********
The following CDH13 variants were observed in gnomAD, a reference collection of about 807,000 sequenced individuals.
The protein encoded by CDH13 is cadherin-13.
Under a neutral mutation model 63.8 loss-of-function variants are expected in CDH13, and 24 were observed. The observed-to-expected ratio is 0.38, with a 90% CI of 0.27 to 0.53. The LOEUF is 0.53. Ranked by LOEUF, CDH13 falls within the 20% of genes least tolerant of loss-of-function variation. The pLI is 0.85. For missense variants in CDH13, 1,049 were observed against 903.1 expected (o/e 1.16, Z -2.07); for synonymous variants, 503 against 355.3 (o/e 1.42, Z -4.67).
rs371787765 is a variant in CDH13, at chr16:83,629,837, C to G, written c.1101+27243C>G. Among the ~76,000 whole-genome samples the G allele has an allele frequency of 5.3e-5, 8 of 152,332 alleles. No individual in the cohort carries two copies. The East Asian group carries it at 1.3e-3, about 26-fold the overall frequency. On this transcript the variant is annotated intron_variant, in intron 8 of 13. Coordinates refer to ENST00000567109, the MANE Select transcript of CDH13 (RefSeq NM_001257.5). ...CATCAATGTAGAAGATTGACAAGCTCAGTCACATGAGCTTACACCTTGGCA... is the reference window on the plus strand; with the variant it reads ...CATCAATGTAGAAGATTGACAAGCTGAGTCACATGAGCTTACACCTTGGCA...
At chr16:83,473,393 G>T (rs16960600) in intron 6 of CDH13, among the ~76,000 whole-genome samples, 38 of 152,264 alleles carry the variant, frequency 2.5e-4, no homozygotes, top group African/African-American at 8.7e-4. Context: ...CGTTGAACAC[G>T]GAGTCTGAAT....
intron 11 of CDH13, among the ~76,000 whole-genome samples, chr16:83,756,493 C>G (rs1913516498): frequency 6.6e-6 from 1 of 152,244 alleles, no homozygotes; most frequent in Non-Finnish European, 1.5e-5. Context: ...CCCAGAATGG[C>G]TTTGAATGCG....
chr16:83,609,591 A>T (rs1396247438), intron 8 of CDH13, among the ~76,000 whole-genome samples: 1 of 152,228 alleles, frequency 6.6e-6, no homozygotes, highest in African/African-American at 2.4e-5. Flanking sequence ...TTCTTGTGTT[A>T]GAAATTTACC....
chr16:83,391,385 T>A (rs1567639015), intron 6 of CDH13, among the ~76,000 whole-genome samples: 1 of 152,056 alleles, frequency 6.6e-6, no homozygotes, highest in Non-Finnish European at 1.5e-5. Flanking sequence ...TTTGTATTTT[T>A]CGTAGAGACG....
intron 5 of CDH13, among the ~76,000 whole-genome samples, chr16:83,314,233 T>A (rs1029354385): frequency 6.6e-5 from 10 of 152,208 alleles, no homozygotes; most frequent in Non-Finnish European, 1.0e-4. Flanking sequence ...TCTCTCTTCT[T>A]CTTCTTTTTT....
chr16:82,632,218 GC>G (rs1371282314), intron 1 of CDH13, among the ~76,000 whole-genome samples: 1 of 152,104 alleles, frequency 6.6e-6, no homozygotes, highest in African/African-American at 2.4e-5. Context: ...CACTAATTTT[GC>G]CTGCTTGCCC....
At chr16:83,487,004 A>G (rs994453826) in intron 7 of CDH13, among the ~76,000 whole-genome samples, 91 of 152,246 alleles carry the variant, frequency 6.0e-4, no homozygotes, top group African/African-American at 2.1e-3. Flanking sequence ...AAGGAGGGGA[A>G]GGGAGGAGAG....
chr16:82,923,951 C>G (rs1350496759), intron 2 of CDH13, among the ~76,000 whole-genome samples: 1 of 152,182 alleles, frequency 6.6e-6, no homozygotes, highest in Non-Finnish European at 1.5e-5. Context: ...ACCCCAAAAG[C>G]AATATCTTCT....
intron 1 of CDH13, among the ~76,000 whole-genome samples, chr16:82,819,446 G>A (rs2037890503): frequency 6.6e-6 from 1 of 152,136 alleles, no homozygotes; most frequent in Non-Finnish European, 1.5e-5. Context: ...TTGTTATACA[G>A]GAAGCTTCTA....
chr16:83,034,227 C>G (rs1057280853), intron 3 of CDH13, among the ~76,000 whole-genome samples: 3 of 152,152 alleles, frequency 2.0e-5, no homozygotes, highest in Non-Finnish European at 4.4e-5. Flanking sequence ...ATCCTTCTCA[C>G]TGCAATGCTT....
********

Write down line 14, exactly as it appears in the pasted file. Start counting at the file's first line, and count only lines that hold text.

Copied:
chr16:83,034,227 C>G (rs1057280853), intron 3 of CDH13, among the ~76,000 whole-genome samples: 3 of 152,152 alleles, frequency 2.0e-5, no homozygotes, highest in Non-Finnish European at 4.4e-5. Flanking sequence ...ATCCTTCTCA[C>G]TGCAATGCTT....